Instead of going to medical school, I got a master’s in forensic science, which led to work with the Secret Service, the Department of Homeland Security, and the Department of Defense. And it was while I was working at the Pacific Northwest National Lab that someone introduced me to systems thinking. It was so inspiring. You can break down any difficult problem, no matter how complex, step by step. That was when I began thinking about approaching health care in Nigeria from a systems-engineering perspective.
What do you mean by solving the problem from a systems-engineering perspective?
Systems engineering is about looking at the big picture, and at a fundamental level, everything in society begins with health. If you’re not healthy, you can’t go to school and get an education, you can’t work and earn an income, and you can’t support a family and have a high quality of life. It all starts with health. Understanding how all those interconnected layers work together is the work of systems engineering.
For example, in the United States, for the most part, there is a robust health care system that keeps us healthy enough to go to school or work. But in Nigeria, you can’t get consistent access to health care. If you get sick and miss a significant amount of school because you can’t access health care, it sets you back in your studies. Factor in other challenges, like constant teacher strikes and power outages, and you may be forced to repeat that school year. This also holds your family back, because someone may have to stay home from work to help care for you. So you begin to see how something as simple as access to health care indirectly affects things like education, employment, families, and society at large. Health is paramount.
What I really like about systems engineering is that it helps you take a step back and consider how to solve big societal problems. What other systems are at play, inhibiting or promoting the solution you are looking for?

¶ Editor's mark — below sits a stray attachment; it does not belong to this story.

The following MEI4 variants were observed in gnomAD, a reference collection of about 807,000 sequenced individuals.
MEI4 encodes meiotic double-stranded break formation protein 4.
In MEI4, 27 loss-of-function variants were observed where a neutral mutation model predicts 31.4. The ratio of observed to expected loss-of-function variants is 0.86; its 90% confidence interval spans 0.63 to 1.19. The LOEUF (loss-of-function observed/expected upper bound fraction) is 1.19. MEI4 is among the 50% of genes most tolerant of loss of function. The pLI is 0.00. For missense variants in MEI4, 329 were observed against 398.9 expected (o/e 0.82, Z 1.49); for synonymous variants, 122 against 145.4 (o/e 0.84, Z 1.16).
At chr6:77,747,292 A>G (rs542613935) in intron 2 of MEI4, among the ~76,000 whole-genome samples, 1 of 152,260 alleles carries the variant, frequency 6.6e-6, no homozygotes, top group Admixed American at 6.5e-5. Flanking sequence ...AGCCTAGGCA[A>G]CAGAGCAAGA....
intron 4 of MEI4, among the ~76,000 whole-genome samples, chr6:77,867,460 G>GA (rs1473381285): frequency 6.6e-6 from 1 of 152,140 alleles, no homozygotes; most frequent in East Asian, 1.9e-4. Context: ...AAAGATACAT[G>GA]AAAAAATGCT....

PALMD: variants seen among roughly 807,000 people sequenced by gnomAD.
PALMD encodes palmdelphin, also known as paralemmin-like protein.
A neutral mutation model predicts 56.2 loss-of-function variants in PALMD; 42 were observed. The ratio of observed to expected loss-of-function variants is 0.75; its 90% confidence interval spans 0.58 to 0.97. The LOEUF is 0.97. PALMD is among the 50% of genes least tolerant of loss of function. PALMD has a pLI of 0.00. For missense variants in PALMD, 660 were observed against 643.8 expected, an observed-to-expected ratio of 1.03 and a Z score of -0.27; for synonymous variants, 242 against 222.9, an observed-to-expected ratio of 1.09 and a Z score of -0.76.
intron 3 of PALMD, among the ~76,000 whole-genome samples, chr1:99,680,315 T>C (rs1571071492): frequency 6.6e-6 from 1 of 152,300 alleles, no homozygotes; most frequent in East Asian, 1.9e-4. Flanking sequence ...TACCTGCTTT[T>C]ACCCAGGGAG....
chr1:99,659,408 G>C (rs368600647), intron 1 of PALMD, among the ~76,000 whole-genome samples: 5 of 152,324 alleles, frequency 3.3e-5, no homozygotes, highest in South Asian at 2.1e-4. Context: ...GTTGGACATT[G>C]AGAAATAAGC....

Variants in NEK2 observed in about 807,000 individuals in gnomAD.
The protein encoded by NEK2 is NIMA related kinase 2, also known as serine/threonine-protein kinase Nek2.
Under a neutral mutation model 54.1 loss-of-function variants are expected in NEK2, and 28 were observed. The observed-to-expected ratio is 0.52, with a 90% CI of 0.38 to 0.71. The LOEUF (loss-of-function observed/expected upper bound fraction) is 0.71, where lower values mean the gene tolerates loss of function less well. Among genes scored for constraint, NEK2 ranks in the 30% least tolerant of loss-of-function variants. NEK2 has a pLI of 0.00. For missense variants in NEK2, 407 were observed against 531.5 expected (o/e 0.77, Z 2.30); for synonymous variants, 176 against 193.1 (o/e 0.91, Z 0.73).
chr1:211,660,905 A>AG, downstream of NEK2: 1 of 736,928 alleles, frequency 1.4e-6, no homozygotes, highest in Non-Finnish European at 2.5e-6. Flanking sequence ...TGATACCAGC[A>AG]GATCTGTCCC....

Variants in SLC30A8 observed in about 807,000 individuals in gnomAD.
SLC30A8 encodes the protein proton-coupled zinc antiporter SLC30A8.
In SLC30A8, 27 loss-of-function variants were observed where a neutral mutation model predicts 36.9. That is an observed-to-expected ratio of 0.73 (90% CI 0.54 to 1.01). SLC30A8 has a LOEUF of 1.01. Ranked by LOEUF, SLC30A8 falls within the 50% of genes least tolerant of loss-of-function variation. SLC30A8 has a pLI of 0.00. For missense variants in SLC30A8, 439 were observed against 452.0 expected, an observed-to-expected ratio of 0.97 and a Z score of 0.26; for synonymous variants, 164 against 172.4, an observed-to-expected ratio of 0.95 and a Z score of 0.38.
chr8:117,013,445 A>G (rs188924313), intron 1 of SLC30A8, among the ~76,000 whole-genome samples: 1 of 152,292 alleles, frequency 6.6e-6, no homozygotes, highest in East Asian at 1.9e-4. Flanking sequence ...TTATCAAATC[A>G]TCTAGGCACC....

Looking at the Nigerian health care system this way, I started doing a lot of research into the various levels of health care — from primary to secondary to tertiary. Secondary and tertiary medical facilities often require travel and they can cost a lot more. Meanwhile, bad infrastructure itself can get in the way. Imagine trying to get to a hospital across town when the roads are notoriously in disrepair and packed with traffic. Unless your problem is serious, you may not go at all.
The solution is a community approach — utilizing health workers embedded in your immediate community. These people are already pillars of the health care system in their communities. They’re well-known community leaders. So Clafiya creates a way to connect them to patients in their local neighborhoods so they can provide services. And over time, we hope this will make the entire community healthier.
Looking ahead, we’re already able to imagine using Clafiya’s predictive analytics to identify outbreaks of emerging disease, empowering health officials to redirect much-needed resources to impacted areas.
So you launched a high-tech health care platform in Nigeria while simultaneously working full-time and studying for your degree in systems engineering. Do you ever sleep?